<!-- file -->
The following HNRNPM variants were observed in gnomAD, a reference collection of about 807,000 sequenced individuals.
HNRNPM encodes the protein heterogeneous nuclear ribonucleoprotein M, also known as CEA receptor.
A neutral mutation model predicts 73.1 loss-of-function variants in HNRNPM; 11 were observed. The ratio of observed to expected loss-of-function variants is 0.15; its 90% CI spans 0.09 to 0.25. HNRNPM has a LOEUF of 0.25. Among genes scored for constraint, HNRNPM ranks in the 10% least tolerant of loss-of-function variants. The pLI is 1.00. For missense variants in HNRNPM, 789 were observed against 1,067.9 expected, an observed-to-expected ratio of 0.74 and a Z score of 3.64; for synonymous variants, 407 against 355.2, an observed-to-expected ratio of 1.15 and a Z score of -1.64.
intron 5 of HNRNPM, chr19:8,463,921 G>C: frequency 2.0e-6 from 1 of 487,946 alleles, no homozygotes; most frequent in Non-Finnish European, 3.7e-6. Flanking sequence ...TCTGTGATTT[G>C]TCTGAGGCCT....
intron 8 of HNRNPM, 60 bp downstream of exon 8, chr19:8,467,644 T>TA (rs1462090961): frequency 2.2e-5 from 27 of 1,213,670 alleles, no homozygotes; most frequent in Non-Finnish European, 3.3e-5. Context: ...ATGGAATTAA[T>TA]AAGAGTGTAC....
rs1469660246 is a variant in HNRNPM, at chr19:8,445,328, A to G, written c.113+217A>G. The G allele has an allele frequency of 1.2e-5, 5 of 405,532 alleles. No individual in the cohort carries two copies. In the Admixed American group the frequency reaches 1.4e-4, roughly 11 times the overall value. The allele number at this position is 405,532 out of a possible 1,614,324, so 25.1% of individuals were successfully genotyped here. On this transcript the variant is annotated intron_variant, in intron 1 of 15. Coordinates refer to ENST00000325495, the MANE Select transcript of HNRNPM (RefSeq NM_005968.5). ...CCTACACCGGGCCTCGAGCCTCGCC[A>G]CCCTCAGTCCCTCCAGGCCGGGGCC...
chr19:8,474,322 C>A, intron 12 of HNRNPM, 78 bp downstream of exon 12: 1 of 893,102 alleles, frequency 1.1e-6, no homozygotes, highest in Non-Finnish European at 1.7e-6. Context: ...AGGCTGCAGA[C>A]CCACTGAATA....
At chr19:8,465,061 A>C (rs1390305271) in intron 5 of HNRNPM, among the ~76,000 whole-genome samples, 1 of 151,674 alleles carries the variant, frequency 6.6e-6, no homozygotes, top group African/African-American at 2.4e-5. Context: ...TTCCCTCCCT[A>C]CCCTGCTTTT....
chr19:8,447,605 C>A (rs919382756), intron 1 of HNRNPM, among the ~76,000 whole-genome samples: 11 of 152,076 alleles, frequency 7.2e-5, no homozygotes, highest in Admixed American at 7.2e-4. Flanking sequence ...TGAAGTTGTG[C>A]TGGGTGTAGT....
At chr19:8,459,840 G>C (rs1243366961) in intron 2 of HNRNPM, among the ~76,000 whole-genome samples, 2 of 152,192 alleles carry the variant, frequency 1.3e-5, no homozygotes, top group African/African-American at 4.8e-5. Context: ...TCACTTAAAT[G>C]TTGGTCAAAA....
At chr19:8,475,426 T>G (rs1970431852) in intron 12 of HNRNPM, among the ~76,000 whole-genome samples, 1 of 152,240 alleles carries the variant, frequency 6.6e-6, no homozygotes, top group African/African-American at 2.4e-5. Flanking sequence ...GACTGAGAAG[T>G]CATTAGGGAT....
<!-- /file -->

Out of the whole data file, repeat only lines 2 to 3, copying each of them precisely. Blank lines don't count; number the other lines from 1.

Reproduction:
HNRNPM encodes the protein heterogeneous nuclear ribonucleoprotein M, also known as CEA receptor.
A neutral mutation model predicts 73.1 loss-of-function variants in HNRNPM; 11 were observed. The ratio of observed to expected loss-of-function variants is 0.15; its 90% CI spans 0.09 to 0.25. HNRNPM has a LOEUF of 0.25. Among genes scored for constraint, HNRNPM ranks in the 10% least tolerant of loss-of-function variants. The pLI is 1.00. For missense variants in HNRNPM, 789 were observed against 1,067.9 expected, an observed-to-expected ratio of 0.74 and a Z score of 3.64; for synonymous variants, 407 against 355.2, an observed-to-expected ratio of 1.15 and a Z score of -1.64.